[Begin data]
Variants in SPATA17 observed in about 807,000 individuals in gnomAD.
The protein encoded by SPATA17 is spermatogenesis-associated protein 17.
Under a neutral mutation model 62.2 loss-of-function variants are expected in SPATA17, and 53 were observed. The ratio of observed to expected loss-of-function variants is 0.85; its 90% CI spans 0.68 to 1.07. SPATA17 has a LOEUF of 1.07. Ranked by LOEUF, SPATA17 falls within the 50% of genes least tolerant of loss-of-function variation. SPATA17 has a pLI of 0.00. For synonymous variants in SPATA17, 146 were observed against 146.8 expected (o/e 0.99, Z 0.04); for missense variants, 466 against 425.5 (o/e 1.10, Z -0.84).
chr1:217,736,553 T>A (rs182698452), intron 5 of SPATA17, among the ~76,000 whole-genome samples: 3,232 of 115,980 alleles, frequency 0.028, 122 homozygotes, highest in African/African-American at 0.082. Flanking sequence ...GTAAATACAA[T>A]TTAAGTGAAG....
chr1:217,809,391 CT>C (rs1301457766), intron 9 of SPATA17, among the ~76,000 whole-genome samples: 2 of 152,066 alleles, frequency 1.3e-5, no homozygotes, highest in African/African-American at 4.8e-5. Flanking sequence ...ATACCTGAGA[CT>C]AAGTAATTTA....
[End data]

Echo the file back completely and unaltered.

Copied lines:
Variants in SPATA17 observed in about 807,000 individuals in gnomAD.
The protein encoded by SPATA17 is spermatogenesis-associated protein 17.
Under a neutral mutation model 62.2 loss-of-function variants are expected in SPATA17, and 53 were observed. The ratio of observed to expected loss-of-function variants is 0.85; its 90% CI spans 0.68 to 1.07. SPATA17 has a LOEUF of 1.07. Ranked by LOEUF, SPATA17 falls within the 50% of genes least tolerant of loss-of-function variation. SPATA17 has a pLI of 0.00. For synonymous variants in SPATA17, 146 were observed against 146.8 expected (o/e 0.99, Z 0.04); for missense variants, 466 against 425.5 (o/e 1.10, Z -0.84).
chr1:217,736,553 T>A (rs182698452), intron 5 of SPATA17, among the ~76,000 whole-genome samples: 3,232 of 115,980 alleles, frequency 0.028, 122 homozygotes, highest in African/African-American at 0.082. Flanking sequence ...GTAAATACAA[T>A]TTAAGTGAAG....
chr1:217,809,391 CT>C (rs1301457766), intron 9 of SPATA17, among the ~76,000 whole-genome samples: 2 of 152,066 alleles, frequency 1.3e-5, no homozygotes, highest in African/African-American at 4.8e-5. Flanking sequence ...ATACCTGAGA[CT>C]AAGTAATTTA....